Yesterday, the Second Circuit overturned class certification in a copyright case that is being closely followed by the publishing industry. The Southern District of New York had granted class certification to a group of authors who allege that Google Books – the company's project to digitize and make searchable millions of books – violates their copyrights. In a per curiam opinion, the Second Circuit reversed, ruling that class certification was premature and that the District Court should have ruled on the merits of Google's fair use defense prior to class certification.
Since 2004, Google has been scanning books with the goal of digitizing and making searchable nearly every book ever written. The company maintains that people who search for in-copyright books can only see "snippets" of those books and that showing such snippets constitutes fair use. In June 2012, the District Court certified a proposed class of authors with a copyright interest in one or more books reproduced by Google. Google appealed the certification order, claiming the fair use defense and that the plaintiffs do not fairly and adequately protect the interests of the class, as many class members benefit from the project and oppose the litigation.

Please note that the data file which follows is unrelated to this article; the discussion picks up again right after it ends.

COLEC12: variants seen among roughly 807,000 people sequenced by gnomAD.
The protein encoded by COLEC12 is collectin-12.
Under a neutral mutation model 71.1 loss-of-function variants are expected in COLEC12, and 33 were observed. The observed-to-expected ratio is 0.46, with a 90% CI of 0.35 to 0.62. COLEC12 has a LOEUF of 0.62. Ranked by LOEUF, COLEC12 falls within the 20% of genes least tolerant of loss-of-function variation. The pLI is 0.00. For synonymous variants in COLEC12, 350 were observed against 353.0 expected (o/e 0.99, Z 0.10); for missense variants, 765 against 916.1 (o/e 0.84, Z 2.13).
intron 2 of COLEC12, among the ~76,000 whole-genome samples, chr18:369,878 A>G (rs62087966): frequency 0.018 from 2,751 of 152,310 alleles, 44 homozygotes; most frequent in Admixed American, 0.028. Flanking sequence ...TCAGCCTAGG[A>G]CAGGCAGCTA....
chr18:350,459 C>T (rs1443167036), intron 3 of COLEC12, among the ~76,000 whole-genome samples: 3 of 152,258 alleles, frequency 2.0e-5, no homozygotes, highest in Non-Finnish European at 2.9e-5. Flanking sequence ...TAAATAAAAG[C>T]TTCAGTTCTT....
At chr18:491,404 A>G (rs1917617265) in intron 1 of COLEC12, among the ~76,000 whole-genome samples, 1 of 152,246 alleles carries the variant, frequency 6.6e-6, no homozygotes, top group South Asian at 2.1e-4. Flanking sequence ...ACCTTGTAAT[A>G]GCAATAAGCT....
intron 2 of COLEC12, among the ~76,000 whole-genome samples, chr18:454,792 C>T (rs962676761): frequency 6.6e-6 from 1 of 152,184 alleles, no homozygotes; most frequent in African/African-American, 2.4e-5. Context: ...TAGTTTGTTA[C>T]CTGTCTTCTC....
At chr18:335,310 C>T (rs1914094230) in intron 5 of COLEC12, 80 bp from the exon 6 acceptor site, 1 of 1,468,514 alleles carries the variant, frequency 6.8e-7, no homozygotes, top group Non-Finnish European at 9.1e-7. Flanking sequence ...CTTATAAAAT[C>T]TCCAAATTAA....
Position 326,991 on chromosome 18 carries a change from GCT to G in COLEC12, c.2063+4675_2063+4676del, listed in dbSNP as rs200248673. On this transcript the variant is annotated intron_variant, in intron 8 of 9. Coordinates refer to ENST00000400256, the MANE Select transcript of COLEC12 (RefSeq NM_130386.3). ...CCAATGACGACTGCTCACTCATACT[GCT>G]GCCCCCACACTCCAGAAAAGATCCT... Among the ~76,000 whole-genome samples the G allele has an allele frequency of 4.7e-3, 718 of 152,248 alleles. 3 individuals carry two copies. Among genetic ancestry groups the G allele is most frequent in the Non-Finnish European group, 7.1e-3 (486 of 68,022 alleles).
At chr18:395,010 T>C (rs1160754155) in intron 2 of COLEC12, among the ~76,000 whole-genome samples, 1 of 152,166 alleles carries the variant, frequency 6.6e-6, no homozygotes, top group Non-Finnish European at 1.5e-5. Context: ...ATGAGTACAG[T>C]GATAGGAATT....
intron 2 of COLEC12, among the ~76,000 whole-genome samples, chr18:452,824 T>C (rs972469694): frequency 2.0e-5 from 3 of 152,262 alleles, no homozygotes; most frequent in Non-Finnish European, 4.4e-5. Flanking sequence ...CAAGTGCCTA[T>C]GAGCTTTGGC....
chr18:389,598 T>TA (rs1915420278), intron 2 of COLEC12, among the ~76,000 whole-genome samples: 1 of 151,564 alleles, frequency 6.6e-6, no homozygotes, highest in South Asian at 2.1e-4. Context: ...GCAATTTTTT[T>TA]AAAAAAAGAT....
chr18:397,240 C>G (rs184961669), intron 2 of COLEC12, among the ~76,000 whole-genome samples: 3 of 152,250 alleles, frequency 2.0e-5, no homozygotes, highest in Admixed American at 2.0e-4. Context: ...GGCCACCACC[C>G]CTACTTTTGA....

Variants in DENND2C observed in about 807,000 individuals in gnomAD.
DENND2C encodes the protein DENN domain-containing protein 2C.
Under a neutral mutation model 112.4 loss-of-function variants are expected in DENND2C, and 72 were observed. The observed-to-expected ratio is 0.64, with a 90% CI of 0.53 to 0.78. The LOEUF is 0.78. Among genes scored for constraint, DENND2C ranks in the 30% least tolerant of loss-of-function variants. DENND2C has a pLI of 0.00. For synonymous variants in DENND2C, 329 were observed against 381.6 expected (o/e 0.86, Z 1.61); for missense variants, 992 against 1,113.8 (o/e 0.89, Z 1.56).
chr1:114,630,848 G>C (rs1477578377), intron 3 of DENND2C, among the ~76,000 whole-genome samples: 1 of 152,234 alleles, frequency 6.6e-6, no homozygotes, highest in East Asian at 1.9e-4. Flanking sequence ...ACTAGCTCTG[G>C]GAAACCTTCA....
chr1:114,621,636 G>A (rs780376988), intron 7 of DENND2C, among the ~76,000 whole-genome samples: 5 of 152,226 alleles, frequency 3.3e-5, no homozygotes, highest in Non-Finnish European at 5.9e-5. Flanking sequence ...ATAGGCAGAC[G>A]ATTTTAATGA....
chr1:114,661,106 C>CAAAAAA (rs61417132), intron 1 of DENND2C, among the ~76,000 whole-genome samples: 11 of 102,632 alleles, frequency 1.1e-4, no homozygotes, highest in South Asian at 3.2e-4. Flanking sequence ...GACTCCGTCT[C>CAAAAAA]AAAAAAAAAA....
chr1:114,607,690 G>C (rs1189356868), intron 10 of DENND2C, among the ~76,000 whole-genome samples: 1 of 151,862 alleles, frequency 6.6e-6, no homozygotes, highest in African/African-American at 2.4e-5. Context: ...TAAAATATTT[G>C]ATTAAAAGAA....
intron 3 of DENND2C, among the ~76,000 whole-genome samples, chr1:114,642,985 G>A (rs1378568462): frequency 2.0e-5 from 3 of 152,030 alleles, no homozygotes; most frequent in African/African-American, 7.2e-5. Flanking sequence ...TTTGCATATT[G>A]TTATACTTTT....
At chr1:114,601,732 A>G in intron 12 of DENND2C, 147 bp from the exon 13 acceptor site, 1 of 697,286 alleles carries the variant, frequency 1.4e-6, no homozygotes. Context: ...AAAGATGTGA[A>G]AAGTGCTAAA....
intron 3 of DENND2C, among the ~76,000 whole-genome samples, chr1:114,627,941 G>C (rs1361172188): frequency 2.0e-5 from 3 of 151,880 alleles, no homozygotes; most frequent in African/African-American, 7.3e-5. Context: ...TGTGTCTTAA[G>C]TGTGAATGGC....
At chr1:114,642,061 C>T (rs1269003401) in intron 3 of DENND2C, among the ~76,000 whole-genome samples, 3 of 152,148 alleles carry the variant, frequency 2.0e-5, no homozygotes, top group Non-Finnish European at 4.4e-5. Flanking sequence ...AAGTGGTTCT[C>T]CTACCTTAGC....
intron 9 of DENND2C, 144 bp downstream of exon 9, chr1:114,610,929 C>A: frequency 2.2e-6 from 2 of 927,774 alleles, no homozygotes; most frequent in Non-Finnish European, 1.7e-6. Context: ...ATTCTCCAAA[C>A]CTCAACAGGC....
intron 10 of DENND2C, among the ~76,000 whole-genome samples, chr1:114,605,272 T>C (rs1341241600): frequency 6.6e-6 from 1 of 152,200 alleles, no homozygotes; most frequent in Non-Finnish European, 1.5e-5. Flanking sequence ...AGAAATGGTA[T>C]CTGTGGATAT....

In its opinion decertifying the class, the Second Circuit acknowledged the potential merit of Google's argument that the plaintiffs are not representative of the certified class. More significantly, the court determined that resolution of the fair use defense should come first, as it may resolve the class certification issues. Additionally, the Court found that postponing the decision on the class certification issue until the fair use defense is resolved will not prejudice either party.
This week's ruling – and the ultimate outcome of this case – could have a significant impact on the application of the fair use doctrine and compilation works under copyright law.